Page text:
Geo016 - Exploration of Mars

email
Library | CIS | Academic Calendar |
Faculty and Staff | Facilities | Courses | Brown Geology |
News and Events | Multimedia | Missions | Nasa TV |
Human Spaceflight | Space Science | ESA TV |
Mars Rover Mission Blog | Martian Soil | Spaceflight Now |
Beagle 2 | Marsnews.com |
subglobal7 link | subglobal7 link | subglobal7 link | subglobal7 link | subglobal7 link | subglobal7 link | subglobal7 link
subglobal8 link | subglobal8 link | subglobal8 link | subglobal8 link | subglobal8 link | subglobal8 link | subglobal8 link

Geo016 / Exploration of Mars / (M) 3:00-5:20 / Lincoln Field 105 / Prof. James Head

small logo

Julie Spector (02/11/04)

I think the most important discussions we had in class were on the social reasons driving exploration, as well as the relationship between science and religion. I had never even considered Carl Sagan or Jim Lovell as parallels. Going into class, I thought highly of Sagan's public presence, even though I knew other scientists had disdain for it. Yet Sagan always advocated critical thinking, and so always demonstrated to the non scientific public that the whole point of science is to objectively analyze the universe. If a scientist proves a celebrated theory wrong, then that's great, because the essence of scientific thought and practice is embodied in that proof (read his The Demon Haunted World for more info). So even if Sagan were wrong about extraterrestrial life, I think he'd still be happy since science demonstrated the truth of the matter (personally, I'd bet lots of money that he was right). However, I went into class thinking that Lovell was an idiot for deluding himself and the non scientific world. I failed to realize that Lovell truly believed in his science as accurate science, and so I must now give him credit (which is what class showed me). Lovell also deserves credit for inspiring a most likely incredible number of people to want to become scientists and do so, or at the very least, to learn about science. The question remains, would Lovell have appreciated the science that disproved his ideas?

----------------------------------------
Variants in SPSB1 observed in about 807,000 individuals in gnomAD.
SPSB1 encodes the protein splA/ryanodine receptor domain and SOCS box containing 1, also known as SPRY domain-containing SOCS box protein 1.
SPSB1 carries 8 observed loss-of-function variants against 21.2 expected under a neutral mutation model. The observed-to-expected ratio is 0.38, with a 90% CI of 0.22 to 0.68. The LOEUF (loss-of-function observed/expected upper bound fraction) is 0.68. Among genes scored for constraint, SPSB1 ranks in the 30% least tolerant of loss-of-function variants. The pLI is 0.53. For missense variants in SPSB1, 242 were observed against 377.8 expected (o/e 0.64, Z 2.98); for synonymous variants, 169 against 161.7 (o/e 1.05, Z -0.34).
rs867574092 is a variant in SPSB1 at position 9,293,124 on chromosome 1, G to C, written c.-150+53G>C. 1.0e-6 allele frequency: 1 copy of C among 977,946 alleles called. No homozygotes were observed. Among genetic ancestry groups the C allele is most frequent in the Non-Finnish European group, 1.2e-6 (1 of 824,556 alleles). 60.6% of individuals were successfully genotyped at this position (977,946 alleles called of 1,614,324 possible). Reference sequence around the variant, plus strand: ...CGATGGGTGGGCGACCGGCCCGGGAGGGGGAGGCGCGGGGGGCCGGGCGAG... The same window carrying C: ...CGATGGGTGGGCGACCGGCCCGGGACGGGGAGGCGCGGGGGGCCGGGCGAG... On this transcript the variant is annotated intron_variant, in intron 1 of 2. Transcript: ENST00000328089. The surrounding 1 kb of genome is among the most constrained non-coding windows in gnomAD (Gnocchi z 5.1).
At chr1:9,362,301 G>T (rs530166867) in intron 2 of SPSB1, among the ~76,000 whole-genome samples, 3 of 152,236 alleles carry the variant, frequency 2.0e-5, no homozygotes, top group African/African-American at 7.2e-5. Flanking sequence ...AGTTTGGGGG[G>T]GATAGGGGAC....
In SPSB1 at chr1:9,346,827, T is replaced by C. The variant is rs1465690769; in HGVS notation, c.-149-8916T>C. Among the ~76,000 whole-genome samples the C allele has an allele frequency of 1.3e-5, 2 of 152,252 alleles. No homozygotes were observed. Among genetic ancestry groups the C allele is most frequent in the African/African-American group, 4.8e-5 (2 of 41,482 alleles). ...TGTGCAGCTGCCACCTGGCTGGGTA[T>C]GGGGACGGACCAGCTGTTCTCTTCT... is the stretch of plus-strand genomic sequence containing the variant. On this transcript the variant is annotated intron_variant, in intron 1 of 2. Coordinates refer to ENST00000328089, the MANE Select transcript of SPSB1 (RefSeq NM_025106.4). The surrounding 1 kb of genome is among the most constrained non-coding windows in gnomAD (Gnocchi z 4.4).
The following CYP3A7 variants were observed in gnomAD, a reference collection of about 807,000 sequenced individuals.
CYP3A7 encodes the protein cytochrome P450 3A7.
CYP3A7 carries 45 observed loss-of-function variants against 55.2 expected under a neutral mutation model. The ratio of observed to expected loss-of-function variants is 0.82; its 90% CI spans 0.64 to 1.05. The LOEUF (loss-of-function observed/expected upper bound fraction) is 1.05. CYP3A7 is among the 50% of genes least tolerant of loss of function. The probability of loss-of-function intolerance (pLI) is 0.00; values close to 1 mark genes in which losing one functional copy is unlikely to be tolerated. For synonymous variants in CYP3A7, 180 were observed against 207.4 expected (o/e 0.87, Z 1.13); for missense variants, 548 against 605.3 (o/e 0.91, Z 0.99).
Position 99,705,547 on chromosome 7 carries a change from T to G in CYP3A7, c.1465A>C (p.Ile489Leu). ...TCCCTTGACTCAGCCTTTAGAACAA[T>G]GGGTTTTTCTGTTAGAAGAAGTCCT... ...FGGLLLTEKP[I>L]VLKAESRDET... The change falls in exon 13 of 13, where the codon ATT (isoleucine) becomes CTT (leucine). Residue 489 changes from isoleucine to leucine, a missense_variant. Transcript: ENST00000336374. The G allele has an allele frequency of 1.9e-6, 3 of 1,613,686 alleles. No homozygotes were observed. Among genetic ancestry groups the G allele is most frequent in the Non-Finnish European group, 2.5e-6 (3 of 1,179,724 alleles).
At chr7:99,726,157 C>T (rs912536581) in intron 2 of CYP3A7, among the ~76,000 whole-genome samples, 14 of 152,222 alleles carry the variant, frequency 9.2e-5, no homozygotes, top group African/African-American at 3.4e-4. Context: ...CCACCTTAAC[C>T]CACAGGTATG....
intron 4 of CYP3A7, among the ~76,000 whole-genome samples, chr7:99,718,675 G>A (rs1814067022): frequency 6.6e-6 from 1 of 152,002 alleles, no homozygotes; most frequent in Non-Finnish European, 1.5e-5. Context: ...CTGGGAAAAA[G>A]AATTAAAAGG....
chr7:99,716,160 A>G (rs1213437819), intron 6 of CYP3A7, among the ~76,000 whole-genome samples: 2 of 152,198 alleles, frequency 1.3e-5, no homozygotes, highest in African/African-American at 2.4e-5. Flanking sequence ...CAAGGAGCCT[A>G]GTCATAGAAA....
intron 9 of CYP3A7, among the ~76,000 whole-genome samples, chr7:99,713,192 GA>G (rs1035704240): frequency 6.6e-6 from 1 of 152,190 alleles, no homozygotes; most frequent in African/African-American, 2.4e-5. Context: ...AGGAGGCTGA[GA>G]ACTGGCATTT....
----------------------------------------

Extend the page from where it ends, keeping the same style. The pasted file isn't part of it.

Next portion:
I highly enjoyed the religious discussion, particularly the religion/bacteria comment (it was very humorous). Because organized religion is so persistent in its survival and presence. And while I may disapprove of some its tenets, it's a shame for some scientists to be so dogmatic in contributing to building a wall between science and organized religion (just as it's a shame for some organized religious people to help contribute to the wall). Why can't the two extremists just shut up and work together? Because their common goal is, well, common: to explain and glorify the universe.

I think we should definitely keep discussing reasons why our culture is so fascinated with advanced, intelligent life forms on Mars.

 

 

About Us | Contact Us | ©2004 Brown Planetary Geology